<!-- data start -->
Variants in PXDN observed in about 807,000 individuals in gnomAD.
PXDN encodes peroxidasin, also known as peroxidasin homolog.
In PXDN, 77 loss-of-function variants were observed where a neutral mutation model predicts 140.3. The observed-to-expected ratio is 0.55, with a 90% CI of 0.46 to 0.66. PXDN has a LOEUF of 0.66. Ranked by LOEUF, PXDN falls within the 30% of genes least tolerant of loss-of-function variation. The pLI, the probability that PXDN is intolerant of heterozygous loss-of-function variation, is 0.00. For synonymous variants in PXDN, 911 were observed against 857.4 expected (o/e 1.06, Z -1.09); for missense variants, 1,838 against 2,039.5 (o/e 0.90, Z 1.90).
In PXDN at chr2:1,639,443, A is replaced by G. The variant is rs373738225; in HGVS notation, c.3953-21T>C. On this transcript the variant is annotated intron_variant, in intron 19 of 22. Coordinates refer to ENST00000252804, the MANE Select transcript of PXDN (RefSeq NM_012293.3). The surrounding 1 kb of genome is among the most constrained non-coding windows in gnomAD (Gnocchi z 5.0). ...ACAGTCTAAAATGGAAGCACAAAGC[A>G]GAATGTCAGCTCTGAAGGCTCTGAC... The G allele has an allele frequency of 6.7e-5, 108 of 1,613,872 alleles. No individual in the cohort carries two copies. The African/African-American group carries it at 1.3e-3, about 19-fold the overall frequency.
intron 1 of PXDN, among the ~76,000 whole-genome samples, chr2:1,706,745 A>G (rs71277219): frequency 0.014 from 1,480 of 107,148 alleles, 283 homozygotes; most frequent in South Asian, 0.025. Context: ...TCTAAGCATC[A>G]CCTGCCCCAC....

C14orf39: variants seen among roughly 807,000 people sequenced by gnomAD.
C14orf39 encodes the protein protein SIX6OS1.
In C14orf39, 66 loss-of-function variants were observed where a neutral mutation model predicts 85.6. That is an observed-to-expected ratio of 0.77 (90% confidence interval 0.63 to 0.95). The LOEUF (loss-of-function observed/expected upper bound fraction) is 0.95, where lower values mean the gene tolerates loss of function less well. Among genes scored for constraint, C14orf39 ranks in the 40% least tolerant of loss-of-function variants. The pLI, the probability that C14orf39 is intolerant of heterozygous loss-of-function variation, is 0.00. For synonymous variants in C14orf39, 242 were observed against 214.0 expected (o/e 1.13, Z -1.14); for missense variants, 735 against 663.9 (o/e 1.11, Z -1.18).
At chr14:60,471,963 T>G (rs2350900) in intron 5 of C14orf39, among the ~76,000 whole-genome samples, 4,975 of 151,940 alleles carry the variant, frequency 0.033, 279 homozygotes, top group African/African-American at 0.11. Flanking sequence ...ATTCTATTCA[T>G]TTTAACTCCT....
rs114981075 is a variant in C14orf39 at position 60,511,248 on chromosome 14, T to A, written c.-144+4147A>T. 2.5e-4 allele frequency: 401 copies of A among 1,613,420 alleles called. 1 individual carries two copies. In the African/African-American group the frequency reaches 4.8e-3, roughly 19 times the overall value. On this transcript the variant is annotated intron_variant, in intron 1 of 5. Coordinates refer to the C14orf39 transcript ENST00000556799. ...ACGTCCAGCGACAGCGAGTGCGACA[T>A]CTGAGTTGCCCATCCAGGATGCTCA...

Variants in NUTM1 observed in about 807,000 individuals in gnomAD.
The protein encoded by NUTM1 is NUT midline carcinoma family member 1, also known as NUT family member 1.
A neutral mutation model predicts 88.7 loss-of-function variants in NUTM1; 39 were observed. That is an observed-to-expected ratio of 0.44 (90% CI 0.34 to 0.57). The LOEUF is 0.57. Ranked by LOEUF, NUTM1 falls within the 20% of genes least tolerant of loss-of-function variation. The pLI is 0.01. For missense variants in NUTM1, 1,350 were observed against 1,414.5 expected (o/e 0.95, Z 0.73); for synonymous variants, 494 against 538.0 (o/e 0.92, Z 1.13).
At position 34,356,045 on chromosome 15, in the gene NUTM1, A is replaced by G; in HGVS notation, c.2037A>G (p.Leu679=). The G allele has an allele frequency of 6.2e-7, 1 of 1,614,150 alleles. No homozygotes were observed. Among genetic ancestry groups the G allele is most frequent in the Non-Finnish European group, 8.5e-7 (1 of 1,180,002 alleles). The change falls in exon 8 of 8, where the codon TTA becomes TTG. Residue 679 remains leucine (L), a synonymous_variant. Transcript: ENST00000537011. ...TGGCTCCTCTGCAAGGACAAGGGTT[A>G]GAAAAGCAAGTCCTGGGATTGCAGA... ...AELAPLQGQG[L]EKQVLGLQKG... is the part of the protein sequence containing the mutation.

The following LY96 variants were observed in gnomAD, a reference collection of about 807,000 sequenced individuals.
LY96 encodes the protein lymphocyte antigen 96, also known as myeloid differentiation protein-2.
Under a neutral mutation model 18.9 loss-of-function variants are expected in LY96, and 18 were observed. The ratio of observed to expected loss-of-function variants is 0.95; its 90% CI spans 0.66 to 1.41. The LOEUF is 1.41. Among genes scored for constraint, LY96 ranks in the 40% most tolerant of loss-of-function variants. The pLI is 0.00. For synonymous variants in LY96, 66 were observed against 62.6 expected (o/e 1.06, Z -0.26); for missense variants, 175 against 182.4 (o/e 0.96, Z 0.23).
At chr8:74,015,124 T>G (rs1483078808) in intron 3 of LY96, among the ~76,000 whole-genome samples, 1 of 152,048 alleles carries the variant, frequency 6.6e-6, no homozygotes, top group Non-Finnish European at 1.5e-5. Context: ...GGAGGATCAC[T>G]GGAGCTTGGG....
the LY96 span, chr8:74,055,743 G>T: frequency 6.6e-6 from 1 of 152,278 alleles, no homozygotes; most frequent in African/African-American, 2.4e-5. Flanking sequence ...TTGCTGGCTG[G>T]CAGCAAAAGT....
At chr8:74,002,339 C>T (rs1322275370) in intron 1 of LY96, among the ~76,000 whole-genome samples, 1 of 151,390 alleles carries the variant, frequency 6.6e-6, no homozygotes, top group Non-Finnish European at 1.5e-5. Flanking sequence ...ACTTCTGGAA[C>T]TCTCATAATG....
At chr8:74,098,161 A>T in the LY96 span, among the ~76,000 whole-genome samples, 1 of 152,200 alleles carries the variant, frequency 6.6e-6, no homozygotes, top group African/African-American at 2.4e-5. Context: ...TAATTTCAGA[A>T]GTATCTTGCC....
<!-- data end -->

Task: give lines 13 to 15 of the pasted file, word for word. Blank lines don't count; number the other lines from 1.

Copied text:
A neutral mutation model predicts 88.7 loss-of-function variants in NUTM1; 39 were observed. That is an observed-to-expected ratio of 0.44 (90% CI 0.34 to 0.57). The LOEUF is 0.57. Ranked by LOEUF, NUTM1 falls within the 20% of genes least tolerant of loss-of-function variation. The pLI is 0.01. For missense variants in NUTM1, 1,350 were observed against 1,414.5 expected (o/e 0.95, Z 0.73); for synonymous variants, 494 against 538.0 (o/e 0.92, Z 1.13).
At position 34,356,045 on chromosome 15, in the gene NUTM1, A is replaced by G; in HGVS notation, c.2037A>G (p.Leu679=). The G allele has an allele frequency of 6.2e-7, 1 of 1,614,150 alleles. No homozygotes were observed. Among genetic ancestry groups the G allele is most frequent in the Non-Finnish European group, 8.5e-7 (1 of 1,180,002 alleles). The change falls in exon 8 of 8, where the codon TTA becomes TTG. Residue 679 remains leucine (L), a synonymous_variant. Transcript: ENST00000537011. ...TGGCTCCTCTGCAAGGACAAGGGTT[A>G]GAAAAGCAAGTCCTGGGATTGCAGA... ...AELAPLQGQG[L]EKQVLGLQKG... is the part of the protein sequence containing the mutation.

The following LY96 variants were observed in gnomAD, a reference collection of about 807,000 sequenced individuals.